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This is one of those human errors that I know, and we all know, every single one of makes yet still leaves me with a pit in my stomach and is incredibly embarrassing to make on a resume.

I submitted a resume this morning with a stupid error. I had listed my years in college as

1996--2000

but this caused the information to spill onto the next line, so I edited the resume and the now the information in the resume says I completed college in 1996 instead of 2000, so I appear four years older than I really am, and it makes my resume seem like there's a gap from 1996 to 2000.

Regardless of the error, be it a typo, formatting, or other careless mistake that significantly alters the perception of the candidate, what is the best way to move forward after the resume has already been submitted?

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    I'd be very surprised if it's even noticed but if it is and they ask you about it, admit it was a typo - it happens - sending a "corrected" version will just draw attention to it more. – Michael Jul 29 '13 at 14:40
  • At the same time, it's probably good to have a corrected version handy if they do ask about it (ideally one where that's the only real change), so you can explain the error and offer to share the updated copy. – Adam V Jul 29 '13 at 21:13
  • Welcome to the Workplace! Since this question is attracting close votes, I've edited it a bit to be a broader question about how to deal with mistakes in resumes. If you think I missed the point or this won't get answers to your question, please feel free to edit it. – jmac Jul 30 '13 at 0:26
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    That is an excellent point. Apologies for (carelessly and stupidly!) dumbing the question down. I've re-edited to emphasize that the careless error has a significant effect on perception (rather than being a misspelling or the like). If you want to improve it, you can click the edit button to make it even better! Great question by the way. – jmac Jul 30 '13 at 4:04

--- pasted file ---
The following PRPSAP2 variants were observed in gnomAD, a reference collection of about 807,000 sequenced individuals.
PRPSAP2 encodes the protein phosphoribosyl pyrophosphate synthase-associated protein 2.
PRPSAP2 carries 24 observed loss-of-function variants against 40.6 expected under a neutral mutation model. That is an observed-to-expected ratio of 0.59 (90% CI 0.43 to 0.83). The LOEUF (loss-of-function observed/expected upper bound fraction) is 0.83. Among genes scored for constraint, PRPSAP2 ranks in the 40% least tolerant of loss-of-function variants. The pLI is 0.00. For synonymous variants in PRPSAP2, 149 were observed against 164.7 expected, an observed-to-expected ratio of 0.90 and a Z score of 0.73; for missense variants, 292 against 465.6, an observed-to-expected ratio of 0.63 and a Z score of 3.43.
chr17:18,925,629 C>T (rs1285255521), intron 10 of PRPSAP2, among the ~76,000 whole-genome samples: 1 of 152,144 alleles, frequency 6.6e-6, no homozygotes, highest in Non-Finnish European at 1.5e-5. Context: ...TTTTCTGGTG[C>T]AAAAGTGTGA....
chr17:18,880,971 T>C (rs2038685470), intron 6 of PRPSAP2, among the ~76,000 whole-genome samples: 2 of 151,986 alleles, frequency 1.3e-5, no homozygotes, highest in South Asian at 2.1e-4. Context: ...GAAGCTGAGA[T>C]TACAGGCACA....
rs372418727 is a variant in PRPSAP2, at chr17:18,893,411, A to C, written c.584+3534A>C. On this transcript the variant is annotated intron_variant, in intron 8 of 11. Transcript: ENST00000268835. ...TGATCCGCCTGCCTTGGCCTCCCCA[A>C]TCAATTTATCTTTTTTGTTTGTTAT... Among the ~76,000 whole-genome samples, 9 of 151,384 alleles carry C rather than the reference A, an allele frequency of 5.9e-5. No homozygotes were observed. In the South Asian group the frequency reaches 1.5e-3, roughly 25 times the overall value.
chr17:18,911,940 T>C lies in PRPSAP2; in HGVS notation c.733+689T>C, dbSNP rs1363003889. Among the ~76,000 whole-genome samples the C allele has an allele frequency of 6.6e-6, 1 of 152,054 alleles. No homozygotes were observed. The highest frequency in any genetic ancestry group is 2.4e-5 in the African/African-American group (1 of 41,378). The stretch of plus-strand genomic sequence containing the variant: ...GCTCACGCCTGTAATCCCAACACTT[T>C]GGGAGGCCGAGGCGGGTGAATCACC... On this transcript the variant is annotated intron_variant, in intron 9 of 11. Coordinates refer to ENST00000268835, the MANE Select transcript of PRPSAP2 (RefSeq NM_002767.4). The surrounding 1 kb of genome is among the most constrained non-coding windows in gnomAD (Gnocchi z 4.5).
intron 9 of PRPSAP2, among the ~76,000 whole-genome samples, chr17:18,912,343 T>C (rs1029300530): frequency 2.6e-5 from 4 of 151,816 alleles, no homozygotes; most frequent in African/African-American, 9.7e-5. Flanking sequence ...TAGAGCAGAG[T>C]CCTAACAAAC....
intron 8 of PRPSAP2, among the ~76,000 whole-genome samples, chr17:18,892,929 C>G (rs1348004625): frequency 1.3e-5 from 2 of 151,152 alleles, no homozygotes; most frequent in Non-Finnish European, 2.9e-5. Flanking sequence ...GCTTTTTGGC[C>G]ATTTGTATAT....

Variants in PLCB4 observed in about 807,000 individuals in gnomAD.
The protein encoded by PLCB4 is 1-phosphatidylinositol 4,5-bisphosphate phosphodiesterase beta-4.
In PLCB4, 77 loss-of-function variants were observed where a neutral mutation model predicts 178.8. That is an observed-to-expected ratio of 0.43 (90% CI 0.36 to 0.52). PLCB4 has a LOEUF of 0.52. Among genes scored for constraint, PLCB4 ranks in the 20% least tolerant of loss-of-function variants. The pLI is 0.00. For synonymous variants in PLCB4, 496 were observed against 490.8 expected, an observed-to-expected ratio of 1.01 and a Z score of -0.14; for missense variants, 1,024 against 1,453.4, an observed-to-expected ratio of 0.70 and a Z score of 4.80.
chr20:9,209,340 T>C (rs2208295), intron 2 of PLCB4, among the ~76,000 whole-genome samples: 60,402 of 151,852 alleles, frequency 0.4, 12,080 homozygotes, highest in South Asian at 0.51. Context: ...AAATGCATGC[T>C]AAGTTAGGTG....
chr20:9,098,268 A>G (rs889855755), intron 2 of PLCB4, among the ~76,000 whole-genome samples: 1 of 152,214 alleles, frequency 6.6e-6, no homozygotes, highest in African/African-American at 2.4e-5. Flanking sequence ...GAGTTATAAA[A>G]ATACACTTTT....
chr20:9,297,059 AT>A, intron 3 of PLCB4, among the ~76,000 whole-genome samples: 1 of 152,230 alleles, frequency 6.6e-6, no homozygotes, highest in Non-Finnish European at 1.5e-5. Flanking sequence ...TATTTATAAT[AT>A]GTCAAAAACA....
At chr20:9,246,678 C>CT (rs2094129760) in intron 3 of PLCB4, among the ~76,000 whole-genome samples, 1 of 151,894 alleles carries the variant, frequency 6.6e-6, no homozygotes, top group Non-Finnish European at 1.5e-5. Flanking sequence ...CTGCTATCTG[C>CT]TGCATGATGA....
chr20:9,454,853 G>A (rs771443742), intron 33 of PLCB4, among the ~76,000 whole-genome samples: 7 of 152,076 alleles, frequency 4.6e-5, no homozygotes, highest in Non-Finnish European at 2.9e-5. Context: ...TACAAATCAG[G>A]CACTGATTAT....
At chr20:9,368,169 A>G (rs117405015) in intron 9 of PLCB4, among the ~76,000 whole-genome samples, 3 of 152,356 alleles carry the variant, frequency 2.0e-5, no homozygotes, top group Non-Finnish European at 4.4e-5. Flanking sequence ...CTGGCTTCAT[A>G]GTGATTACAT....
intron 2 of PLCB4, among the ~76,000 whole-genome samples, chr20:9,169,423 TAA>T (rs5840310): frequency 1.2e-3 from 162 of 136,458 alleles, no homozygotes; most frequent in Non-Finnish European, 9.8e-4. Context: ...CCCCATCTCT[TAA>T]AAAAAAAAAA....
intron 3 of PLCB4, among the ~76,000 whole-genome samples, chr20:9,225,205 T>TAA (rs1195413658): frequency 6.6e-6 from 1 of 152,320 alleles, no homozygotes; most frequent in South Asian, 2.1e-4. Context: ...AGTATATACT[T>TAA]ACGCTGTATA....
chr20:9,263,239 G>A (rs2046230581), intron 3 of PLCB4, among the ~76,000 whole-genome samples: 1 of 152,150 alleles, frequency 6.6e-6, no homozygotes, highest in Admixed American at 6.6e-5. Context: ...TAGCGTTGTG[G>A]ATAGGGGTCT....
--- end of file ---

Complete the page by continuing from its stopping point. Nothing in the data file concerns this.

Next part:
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    I believe you are thinking too hard about this. A "4 year gap" over 15 years ago isn't a red flag; it's not even something to notice. Also I'm failing to picture what role a 33 year old could perform that a 37 year old couldn't. – NotMe Jan 1 '15 at 21:09
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It is near impossible to not have a typo in a resume at some point because we’ve all read our resume five hundred times, and it’s ineffective to proofread something you’ve reread so much. On top of that, job hunting is often a repetitive, boring task, so it’s no surprise that people copy and paste and put the wrong information time to time

In all honesty there’s nothing you can do to fix a typo if the resume is sent. You look bad resending a resume to a hiring manager and saying “I had a typo in my resume.” Most likely the person won’t notice the typo anyway unless it is in their name.

  • What @JoeStrazzere said... I always have someone proof my resume. – enderland Jul 29 '13 at 17:37
  • @enderland: I did, several people. :-( – stupidhuman Jul 29 '13 at 17:42
  • @Michael Grubey: I disagree that this particular error won't be noticed. Please see my previous comment. – stupidhuman Jul 30 '13 at 19:30